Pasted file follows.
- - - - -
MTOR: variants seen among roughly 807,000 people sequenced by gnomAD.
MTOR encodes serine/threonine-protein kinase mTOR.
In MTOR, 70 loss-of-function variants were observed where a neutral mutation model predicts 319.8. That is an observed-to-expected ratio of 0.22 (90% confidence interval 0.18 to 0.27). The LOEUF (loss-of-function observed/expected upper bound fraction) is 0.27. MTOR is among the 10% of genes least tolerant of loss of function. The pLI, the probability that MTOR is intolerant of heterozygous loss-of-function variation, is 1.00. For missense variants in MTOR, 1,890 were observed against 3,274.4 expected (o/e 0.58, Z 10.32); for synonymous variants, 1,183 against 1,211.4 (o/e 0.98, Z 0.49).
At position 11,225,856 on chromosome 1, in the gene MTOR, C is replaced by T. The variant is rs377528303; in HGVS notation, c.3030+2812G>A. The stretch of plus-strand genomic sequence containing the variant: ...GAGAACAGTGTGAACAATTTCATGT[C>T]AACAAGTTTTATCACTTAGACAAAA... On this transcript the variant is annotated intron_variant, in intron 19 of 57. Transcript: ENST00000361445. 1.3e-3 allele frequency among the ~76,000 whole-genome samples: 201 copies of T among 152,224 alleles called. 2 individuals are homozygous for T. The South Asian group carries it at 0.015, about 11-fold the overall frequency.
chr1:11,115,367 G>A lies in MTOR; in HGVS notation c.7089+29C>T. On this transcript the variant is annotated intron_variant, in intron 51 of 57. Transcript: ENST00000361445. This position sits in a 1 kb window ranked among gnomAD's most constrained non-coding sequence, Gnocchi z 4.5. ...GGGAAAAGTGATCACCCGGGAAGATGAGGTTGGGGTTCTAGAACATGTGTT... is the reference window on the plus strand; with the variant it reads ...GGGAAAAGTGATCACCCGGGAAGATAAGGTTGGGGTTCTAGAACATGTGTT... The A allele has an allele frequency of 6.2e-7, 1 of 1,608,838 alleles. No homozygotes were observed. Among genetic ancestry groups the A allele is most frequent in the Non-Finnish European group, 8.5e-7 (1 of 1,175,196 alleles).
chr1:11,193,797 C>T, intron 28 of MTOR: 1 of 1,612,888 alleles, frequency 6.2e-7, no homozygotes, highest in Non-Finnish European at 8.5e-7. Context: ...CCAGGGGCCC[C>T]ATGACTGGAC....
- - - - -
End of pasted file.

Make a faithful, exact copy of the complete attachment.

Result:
MTOR: variants seen among roughly 807,000 people sequenced by gnomAD.
MTOR encodes serine/threonine-protein kinase mTOR.
In MTOR, 70 loss-of-function variants were observed where a neutral mutation model predicts 319.8. That is an observed-to-expected ratio of 0.22 (90% confidence interval 0.18 to 0.27). The LOEUF (loss-of-function observed/expected upper bound fraction) is 0.27. MTOR is among the 10% of genes least tolerant of loss of function. The pLI, the probability that MTOR is intolerant of heterozygous loss-of-function variation, is 1.00. For missense variants in MTOR, 1,890 were observed against 3,274.4 expected (o/e 0.58, Z 10.32); for synonymous variants, 1,183 against 1,211.4 (o/e 0.98, Z 0.49).
At position 11,225,856 on chromosome 1, in the gene MTOR, C is replaced by T. The variant is rs377528303; in HGVS notation, c.3030+2812G>A. The stretch of plus-strand genomic sequence containing the variant: ...GAGAACAGTGTGAACAATTTCATGT[C>T]AACAAGTTTTATCACTTAGACAAAA... On this transcript the variant is annotated intron_variant, in intron 19 of 57. Transcript: ENST00000361445. 1.3e-3 allele frequency among the ~76,000 whole-genome samples: 201 copies of T among 152,224 alleles called. 2 individuals are homozygous for T. The South Asian group carries it at 0.015, about 11-fold the overall frequency.
chr1:11,115,367 G>A lies in MTOR; in HGVS notation c.7089+29C>T. On this transcript the variant is annotated intron_variant, in intron 51 of 57. Transcript: ENST00000361445. This position sits in a 1 kb window ranked among gnomAD's most constrained non-coding sequence, Gnocchi z 4.5. ...GGGAAAAGTGATCACCCGGGAAGATGAGGTTGGGGTTCTAGAACATGTGTT... is the reference window on the plus strand; with the variant it reads ...GGGAAAAGTGATCACCCGGGAAGATAAGGTTGGGGTTCTAGAACATGTGTT... The A allele has an allele frequency of 6.2e-7, 1 of 1,608,838 alleles. No homozygotes were observed. Among genetic ancestry groups the A allele is most frequent in the Non-Finnish European group, 8.5e-7 (1 of 1,175,196 alleles).
chr1:11,193,797 C>T, intron 28 of MTOR: 1 of 1,612,888 alleles, frequency 6.2e-7, no homozygotes, highest in Non-Finnish European at 8.5e-7. Context: ...CCAGGGGCCC[C>T]ATGACTGGAC....